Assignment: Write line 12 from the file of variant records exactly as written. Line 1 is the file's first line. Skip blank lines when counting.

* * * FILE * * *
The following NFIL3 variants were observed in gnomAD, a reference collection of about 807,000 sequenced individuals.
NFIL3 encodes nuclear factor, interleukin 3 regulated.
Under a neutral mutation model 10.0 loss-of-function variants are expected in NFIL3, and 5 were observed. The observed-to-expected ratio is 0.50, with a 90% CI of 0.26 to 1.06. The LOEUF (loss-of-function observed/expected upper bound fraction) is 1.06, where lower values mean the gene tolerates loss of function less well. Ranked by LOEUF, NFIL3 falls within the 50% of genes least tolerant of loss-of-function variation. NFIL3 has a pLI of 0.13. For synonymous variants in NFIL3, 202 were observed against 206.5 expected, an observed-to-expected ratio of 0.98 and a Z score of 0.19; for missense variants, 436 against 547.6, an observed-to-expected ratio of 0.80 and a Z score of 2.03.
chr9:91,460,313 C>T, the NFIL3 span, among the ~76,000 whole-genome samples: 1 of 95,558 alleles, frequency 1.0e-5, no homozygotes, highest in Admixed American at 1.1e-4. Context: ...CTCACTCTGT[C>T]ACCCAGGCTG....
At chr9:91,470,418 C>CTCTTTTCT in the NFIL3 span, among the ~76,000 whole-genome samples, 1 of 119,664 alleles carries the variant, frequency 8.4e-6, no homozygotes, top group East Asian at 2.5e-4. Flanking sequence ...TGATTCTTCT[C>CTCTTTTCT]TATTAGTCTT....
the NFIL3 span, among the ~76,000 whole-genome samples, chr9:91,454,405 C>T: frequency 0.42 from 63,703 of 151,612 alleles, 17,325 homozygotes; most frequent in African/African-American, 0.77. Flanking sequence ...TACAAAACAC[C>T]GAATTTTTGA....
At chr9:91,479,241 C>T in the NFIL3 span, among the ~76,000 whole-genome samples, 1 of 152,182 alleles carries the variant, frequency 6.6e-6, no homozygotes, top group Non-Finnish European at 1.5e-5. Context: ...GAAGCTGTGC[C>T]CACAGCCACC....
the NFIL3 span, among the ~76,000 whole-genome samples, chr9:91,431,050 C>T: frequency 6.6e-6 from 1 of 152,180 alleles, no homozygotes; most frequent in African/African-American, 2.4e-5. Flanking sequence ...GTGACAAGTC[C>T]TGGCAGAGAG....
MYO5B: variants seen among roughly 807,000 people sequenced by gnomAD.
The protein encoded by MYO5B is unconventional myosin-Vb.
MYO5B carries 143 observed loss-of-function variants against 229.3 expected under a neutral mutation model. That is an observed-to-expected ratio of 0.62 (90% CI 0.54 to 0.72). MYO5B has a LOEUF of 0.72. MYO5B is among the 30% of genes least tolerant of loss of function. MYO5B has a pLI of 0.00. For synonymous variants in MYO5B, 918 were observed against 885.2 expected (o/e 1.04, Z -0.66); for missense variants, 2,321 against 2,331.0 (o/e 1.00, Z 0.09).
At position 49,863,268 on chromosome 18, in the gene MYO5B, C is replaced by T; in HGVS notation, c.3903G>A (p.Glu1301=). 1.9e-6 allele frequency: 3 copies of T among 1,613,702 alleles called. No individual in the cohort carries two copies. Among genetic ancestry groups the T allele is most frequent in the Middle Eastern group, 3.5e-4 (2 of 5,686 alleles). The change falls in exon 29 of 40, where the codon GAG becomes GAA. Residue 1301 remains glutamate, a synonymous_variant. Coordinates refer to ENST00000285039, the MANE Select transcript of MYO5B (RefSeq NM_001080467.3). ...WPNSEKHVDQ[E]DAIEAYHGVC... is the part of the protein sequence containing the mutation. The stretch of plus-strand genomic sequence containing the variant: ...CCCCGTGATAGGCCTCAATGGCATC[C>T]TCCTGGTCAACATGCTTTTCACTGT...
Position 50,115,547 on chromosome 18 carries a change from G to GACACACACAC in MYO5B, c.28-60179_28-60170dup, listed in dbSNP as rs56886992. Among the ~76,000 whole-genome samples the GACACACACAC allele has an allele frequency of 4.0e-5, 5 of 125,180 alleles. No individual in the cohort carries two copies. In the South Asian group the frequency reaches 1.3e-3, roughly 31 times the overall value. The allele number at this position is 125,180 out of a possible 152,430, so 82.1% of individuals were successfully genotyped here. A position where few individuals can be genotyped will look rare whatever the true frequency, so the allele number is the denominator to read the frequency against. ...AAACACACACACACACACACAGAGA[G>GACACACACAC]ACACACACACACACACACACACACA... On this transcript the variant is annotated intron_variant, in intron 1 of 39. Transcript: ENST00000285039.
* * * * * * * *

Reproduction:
At position 49,863,268 on chromosome 18, in the gene MYO5B, C is replaced by T; in HGVS notation, c.3903G>A (p.Glu1301=). 1.9e-6 allele frequency: 3 copies of T among 1,613,702 alleles called. No individual in the cohort carries two copies. Among genetic ancestry groups the T allele is most frequent in the Middle Eastern group, 3.5e-4 (2 of 5,686 alleles). The change falls in exon 29 of 40, where the codon GAG becomes GAA. Residue 1301 remains glutamate, a synonymous_variant. Coordinates refer to ENST00000285039, the MANE Select transcript of MYO5B (RefSeq NM_001080467.3). ...WPNSEKHVDQ[E]DAIEAYHGVC... is the part of the protein sequence containing the mutation. The stretch of plus-strand genomic sequence containing the variant: ...CCCCGTGATAGGCCTCAATGGCATC[C>T]TCCTGGTCAACATGCTTTTCACTGT...